Sunday, May 16, 2010

A Meeting of the Masters at Marea


Has any chef had more success during the tumultuous last two years than Michael White? During this time all he's managed to accomplish is winning a James Beard award for Best New Restaurant, collect his fourth Michelin Star and oh yeah, recently announced an upcoming project with partner Chris Cannon at the Setai Midtown. In the pantheon of New York's best seafood chefs Eric Ripert of Le Bernardin and Dave Pasternack of Esca are situated at the summit. But with the success of Marea, Michael White fully deserves to be mentioned in that same sentence.

Following in the success of the Northern-Italian themed Alto and the Southern-Italian themed Convivio came Marea, White's take on coastal Italian cuisine. Frankly, it takes some chutzpah to open such a grandiose restaurant on Central Park South like Marea during such a precarious time for restaurants. Fortunately, for both chef White and the rest of us, his gamble paid off with a wonderful new addition to the Manhattan dining scene.


So of virtually all the restaurants I could have chosen for my recent birthday meal, Marea was my first choice. In addition to being given three stars by the New York Times and a star by the Michelin guide in 2010, Marea offered two of the most talked about dishes of the past year: their Ricci, crostini topped with Santa Barbra Sea Urchin, Lardo and Sea Salt; and their Fusilli with Red Wine Braised Octopus and Bone Marrow. Needless to say I was pretty excited when MW told me she got a dinner reservation at Marea.


Situated closely to the Time Warner Center, Marea sits along the south side of Central Park. An incredible bar carved of Egyptian onyx dominates the entrance and practically illuminates the entire room. The dining room is composed of mostly dark wood with high ceilings and red tones from table lamps.

Service was mixed, if not uncoordinated. Although there were no serious incidents I found it puzzling when our waiter failed to know the details of the different tasting menus. After confirming the tasting menus with chef White, MW and I chose the eight-course menu to fully appreciate the chef's talents.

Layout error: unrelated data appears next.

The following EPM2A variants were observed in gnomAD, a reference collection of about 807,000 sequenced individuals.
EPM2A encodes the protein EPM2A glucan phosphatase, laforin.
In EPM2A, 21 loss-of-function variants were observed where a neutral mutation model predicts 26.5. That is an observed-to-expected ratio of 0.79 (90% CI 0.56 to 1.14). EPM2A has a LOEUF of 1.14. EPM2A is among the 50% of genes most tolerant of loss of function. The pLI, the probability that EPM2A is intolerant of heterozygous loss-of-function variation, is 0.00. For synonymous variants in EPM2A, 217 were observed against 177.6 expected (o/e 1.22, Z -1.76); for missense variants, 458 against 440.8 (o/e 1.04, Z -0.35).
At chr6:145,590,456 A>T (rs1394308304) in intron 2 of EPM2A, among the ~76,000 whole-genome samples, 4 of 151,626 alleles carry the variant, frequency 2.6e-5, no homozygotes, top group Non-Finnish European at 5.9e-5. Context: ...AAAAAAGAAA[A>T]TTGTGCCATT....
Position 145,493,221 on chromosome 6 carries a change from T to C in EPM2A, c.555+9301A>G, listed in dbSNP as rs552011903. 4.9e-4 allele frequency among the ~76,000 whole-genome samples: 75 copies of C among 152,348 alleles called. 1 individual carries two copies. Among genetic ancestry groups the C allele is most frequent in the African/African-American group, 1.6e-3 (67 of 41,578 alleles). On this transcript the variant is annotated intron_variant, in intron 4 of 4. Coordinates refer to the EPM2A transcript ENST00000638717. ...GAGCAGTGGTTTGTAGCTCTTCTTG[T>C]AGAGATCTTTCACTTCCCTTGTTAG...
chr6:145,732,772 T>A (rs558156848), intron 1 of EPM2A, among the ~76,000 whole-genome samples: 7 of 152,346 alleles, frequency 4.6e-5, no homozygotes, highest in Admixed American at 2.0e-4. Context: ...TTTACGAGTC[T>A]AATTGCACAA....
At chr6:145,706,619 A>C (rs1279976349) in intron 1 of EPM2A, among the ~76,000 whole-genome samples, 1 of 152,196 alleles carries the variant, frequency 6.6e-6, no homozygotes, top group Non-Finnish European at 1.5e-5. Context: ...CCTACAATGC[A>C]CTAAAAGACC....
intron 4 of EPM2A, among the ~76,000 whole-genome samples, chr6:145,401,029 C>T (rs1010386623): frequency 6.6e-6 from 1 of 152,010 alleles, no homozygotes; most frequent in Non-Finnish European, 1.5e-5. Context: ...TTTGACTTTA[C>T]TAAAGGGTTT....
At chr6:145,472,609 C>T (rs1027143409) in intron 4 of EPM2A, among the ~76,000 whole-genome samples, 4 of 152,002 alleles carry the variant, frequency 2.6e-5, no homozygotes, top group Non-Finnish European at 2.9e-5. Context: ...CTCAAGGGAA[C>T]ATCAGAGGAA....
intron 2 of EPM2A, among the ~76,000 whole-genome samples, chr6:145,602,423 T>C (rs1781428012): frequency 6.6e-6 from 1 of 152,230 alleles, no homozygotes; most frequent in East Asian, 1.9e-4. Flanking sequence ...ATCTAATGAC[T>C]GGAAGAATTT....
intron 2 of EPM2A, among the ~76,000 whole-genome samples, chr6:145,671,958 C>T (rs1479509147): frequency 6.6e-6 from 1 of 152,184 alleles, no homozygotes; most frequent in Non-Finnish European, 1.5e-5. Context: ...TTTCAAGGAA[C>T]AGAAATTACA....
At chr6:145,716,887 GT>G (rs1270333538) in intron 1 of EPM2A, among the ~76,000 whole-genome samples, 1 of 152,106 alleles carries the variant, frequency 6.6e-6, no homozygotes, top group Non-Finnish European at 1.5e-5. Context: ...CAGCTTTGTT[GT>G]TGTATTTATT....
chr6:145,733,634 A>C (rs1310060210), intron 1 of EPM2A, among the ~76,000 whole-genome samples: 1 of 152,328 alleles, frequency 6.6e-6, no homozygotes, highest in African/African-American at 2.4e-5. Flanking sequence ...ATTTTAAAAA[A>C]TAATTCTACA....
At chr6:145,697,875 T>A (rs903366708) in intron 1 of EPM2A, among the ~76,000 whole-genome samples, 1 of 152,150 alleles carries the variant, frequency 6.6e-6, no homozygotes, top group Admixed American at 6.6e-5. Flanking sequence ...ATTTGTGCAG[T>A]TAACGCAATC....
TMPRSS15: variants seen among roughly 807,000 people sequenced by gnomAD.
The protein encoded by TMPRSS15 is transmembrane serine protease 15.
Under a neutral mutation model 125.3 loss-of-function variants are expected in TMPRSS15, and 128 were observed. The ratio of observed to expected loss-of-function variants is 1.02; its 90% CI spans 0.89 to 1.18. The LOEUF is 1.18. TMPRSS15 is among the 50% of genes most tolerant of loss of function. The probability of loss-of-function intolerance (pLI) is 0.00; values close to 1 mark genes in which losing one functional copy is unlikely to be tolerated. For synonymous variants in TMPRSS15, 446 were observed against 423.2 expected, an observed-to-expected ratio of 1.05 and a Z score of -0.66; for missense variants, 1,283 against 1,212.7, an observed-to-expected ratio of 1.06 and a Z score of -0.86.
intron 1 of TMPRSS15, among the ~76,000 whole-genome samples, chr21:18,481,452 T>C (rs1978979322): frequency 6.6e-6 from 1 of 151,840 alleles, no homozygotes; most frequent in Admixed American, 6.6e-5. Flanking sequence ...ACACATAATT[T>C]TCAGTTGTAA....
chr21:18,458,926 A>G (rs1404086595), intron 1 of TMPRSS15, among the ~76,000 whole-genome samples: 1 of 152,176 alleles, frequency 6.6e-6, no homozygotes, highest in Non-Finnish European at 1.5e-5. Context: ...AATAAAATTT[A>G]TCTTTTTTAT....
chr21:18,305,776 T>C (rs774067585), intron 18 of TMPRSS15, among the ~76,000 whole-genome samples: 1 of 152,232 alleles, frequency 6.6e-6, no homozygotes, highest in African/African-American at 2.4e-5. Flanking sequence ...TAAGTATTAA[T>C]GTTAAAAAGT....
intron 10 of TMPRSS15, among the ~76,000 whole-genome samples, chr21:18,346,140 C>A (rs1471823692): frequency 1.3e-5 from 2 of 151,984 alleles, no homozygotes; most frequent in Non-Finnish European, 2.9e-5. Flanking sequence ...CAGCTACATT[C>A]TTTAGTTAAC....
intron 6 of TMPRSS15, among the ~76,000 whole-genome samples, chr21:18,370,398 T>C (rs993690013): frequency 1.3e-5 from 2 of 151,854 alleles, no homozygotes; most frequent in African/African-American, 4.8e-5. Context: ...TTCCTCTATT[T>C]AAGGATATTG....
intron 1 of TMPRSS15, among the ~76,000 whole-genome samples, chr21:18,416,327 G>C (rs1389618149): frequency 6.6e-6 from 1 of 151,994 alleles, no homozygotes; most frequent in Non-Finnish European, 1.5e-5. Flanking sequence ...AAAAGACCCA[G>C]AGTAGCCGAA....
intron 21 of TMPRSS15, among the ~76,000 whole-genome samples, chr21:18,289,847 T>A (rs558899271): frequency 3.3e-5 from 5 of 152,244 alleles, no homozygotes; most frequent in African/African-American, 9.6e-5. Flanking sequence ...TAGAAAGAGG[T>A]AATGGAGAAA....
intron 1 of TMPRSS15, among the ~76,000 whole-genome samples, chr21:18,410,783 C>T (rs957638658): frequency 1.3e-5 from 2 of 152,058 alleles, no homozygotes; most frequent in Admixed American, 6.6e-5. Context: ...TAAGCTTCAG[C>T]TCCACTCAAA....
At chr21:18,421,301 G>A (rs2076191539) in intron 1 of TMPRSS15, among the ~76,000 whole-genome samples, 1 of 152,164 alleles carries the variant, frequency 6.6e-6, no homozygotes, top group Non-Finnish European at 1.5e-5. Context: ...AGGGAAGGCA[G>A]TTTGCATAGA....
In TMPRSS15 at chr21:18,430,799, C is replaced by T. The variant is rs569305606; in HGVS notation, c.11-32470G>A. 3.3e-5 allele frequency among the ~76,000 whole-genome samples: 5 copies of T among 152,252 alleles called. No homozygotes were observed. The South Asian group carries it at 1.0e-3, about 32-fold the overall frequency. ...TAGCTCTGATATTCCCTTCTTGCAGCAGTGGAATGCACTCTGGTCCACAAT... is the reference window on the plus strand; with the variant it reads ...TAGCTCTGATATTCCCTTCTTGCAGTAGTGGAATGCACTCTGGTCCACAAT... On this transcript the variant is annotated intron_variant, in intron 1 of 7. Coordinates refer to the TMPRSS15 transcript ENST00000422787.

Since we both had work the following day MW and I chose two glasses wines instead of going with the full pairing. We started with a glass of Thalassitis, Gai'a, 2008 from Santorini, Greece. Both MW and I were pleased with how well this dry white paired with the many of our opening seafood courses. As aloof as our waiter was initially, he did a fabulous job pairing a glass of Nero D'Avola Donnata, Alessandro Di Camporeale, 2007 from Sicily, Italy with the fusilli.


Bread service was punctual and offered three different choices: a Sourdough, a Multigrain and an Olive Foccacia. Olive oil, instead of butter was presented on each table to accompany the bread. While the sourdough and multigrain breads were good, the olive foccacia which included whole green olives was by far one of the best breads offered at any restaurant.


Our meal officially started with Marea's famous Ricci, two Crostini topped with creamy Santa Barbara Sea Urchin, a melted layer of Lardo, some Olive Oil and Sea Salt. This dish certainly deserves all the hype that surrounds it, as the fresh and briny sea urchin mixed with the richness of the lardo resulted in the single best bite of the entire meal.


Next was our "first" course. Truth be told, the eight-course meal ended up turning out to be more like ten-courses when all was said and done, not that I was complaining! But I digress. Next came a trio of Crudo: Tonno (bigeye tuna), Polipo (octopus) and Scampi (Ruby Red Shrimp). The Tonno was a cube of Bigeye Tuna on top of an Oyster Crema and Crispy Artichokes. While the tuna tasted fresh and paired well with the oyster crema and artichokes, it paled in comparison to the other two crudo.


The Polipo was thinly sliced Octopus that had been drizzled with Chili Oil, a bit of Lemon and garnished with Parsley. The dish featured incredibly tender octopus that had been kicked up a bit with the addition of the chili oil and was brightened from the lemon and parsley.


The Scampi, though, was our favorite cudo of the evening. Ruby Red Shrimp were simply seasoned with black Hawaiian Volcanic Salt and sat on a Pickled Cucumber. The natural sweetness of the shrimp was accentuated by the Hawaiian salt, and the cucumber provided a nice textural crunch.